Aviation Security Advisory Committee (established under section 44946 
of title 49, United States Code), shall submit to the appropriate 
congressional committees and the Comptroller General of the United 
States a cost and feasibility study of a statistically significant 
number of Category I, II, III, IV, and X airports assessing the impact 
if all employee access points from non-secured areas to secured areas 
of such airports are comprised of the following:
          (1) A secure door utilizing card and pin entry or biometric 
        technology.
          (2) Surveillance video recording, capable of storing video 
        data for at least 30 days.
          (3) Advanced screening technologies, including at least one 
        of the following:
                  (A) Magnetometer (walk-through or hand-held).
                  (B) Explosives detection canines.
                  (C) Explosives trace detection swabbing.
                  (D) Advanced imaging technology.
                  (E) X-ray bag screening technology.
  (b) Contents.--The study required under subsection (a) shall include 
information related to the employee screening costs of those category 
I, II, III, IV, and X airports which have already implemented practices 
of screening 100 percent of employees accessing secured areas of 
airports, including the following:
          (1) Costs associated with establishing an operational minimum 
        number of employee entry and exit points.
          (2) A comparison of estimated costs and effectiveness 
        associated with implementing the security features specified in 
        subsection (a) to--
                  (A) the Federal Government; and
                  (B) airports and the aviation community.
  (c) Comptroller General Assessment.--
          (1) In general.--Upon completion of the study required under 
        subsection (a), the Comptroller General of the United States 
        shall review such study to assess the quality and reliability 
        of such study.
          (2) Assessment.--Not later than 60 days after the receipt of 
        the study required under subsection (a), the Comptroller 
        General of the United States shall report to the Committee on 
        Homeland Security of the House of Representatives and the 
        Committee on Homeland Security and Governmental Affairs and the 
        Committee on Commerce, Science, and Transportation of the 
        Senate on the results of the review required under paragraph 
        (1).

SEC. 4. AIRPORT WORKER EDUCATION AND SECURITY AWARENESS.

  (a) Cooperative Efforts to Enhance Airport Security Awareness.--Not 
later than 180 days after the date of the enactment of this Act, the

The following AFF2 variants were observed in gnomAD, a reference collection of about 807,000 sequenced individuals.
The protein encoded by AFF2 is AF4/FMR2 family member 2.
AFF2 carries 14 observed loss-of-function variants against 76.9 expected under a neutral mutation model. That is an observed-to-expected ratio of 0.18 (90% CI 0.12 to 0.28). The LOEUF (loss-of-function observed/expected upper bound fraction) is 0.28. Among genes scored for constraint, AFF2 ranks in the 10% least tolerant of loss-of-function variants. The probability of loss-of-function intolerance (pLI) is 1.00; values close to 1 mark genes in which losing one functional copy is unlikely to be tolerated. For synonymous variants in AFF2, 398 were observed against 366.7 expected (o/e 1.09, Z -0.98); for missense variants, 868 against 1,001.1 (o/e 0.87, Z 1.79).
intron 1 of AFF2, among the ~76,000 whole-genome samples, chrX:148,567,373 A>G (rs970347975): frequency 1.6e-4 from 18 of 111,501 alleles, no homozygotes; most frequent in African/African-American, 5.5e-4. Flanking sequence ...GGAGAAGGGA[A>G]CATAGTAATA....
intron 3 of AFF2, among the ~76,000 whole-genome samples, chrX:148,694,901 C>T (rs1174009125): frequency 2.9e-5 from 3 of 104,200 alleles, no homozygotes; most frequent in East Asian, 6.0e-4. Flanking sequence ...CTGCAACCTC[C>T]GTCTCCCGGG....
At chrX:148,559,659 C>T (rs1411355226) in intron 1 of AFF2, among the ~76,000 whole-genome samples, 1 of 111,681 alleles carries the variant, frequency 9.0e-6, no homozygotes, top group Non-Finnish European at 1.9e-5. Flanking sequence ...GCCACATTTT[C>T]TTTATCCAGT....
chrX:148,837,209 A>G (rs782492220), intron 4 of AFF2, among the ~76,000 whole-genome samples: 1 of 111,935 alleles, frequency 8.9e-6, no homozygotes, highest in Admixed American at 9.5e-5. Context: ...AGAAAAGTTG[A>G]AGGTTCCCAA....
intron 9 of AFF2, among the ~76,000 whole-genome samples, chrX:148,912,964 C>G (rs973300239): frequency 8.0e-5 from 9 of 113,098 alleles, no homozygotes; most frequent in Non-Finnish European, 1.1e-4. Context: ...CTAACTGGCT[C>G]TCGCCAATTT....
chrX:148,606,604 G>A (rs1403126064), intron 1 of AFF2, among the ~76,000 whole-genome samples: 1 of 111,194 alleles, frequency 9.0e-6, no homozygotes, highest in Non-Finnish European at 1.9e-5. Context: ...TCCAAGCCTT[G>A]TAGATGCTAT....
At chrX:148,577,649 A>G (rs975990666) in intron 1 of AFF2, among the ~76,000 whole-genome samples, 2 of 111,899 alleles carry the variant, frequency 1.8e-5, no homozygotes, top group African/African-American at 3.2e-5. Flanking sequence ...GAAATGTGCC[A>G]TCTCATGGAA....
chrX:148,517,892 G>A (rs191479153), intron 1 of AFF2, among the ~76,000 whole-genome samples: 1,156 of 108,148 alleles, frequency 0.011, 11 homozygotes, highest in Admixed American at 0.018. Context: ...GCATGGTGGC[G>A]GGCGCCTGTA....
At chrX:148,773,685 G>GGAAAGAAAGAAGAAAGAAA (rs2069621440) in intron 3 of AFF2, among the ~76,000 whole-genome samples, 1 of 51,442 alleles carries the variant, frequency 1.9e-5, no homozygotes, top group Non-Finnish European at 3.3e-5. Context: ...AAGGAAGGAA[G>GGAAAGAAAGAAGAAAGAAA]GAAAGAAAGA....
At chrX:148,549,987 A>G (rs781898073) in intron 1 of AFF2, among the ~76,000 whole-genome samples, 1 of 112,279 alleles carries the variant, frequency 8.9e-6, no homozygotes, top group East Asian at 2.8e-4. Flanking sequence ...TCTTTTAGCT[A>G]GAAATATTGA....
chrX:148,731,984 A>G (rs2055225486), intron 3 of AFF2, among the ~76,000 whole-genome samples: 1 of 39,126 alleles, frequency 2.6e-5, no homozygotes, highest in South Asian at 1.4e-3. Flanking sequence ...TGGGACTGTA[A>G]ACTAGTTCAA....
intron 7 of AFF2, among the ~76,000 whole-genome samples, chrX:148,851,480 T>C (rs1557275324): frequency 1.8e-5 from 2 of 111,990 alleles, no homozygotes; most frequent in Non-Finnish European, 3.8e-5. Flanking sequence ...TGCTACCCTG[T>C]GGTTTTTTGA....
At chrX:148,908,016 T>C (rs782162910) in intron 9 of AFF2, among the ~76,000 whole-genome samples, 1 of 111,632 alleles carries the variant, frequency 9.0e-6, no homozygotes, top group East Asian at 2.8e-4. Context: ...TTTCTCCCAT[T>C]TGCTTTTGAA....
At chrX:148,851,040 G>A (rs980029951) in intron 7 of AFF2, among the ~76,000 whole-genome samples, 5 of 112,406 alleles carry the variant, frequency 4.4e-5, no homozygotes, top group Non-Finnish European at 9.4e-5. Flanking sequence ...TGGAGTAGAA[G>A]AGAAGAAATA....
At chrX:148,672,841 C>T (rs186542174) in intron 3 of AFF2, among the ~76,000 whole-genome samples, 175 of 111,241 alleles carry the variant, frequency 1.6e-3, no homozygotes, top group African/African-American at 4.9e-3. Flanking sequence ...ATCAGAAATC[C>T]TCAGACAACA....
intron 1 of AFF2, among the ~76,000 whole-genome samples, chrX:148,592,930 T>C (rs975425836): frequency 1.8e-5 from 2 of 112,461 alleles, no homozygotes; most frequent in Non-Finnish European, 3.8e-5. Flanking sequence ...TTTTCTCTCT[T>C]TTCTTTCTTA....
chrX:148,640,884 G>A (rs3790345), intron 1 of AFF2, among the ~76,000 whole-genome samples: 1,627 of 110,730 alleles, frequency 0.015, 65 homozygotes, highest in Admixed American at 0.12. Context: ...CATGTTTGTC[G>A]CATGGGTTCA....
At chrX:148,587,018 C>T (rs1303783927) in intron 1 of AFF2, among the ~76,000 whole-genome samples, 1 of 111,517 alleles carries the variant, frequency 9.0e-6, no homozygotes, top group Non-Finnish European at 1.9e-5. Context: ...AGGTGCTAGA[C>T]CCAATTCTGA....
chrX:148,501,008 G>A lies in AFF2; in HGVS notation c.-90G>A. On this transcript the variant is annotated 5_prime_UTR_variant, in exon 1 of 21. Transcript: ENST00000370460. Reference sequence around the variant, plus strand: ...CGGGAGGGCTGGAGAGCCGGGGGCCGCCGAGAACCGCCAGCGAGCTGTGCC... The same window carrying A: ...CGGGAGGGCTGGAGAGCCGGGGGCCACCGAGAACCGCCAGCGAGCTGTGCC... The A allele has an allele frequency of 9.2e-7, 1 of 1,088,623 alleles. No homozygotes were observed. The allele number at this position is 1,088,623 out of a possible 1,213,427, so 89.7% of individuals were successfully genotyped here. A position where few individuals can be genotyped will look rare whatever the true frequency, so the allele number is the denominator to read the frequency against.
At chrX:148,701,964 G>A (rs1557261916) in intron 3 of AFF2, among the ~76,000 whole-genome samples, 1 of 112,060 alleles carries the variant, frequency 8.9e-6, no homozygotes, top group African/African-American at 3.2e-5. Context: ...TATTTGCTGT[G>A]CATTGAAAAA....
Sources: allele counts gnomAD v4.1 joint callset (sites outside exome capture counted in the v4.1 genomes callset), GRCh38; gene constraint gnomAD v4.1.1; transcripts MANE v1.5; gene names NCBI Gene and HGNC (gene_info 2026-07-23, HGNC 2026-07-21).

Administrator shall work with air carriers, foreign air carriers, 
airport operators, labor unions representing credentialed employees, 
and the Aviation Security Advisory Committee to enhance security 
awareness of credentialed airport populations regarding insider threats 
to aviation security and best practices related to airport access 
controls.
  (b) Credentialing Standards.--
          (1) In general.--Not later than 180 days after the date of 
        the enactment of this Act, the Administrator shall, in 
        consultation with air carriers, foreign air carriers, airport 
        operators, labor unions representing credentialed employees, 
        and the Aviation Security Advisory Committee, assess 
        credentialing standards, policies, and practices to ensure that 
        insider threats to aviation security are adequately addressed.
          (2) Report.--Not later than 30 days after completion of the 
        assessment required under paragraph (1), the Administrator 
        shall report to the appropriate congressional committees on the 
        results of such assessment.
  (c) SIDA Applications.--
          (1) Social security numbers required.--Not later than 60 days 
        after the date of the enactment of this Act, the Administrator 
        shall require airport operators to submit the social security 
        number of an individual applying for a credential granting 
        access to the Security Identification Display Area to 
        strengthen security vetting effectiveness. An applicant who 
        does not provide such applicant's social security number may be 
        denied such a credential.
          (2) Screening notice.--The Administrator shall issue 
        requirements for airport operators to include in applications 
        for access to a Security Identification Display Area a notice 
        informing applicants that an employee holding a credential 
        granting access to a Security Identification Display Area may 
        be screened at any time while gaining access to, working in, or 
        leaving a Security Identification Display Area.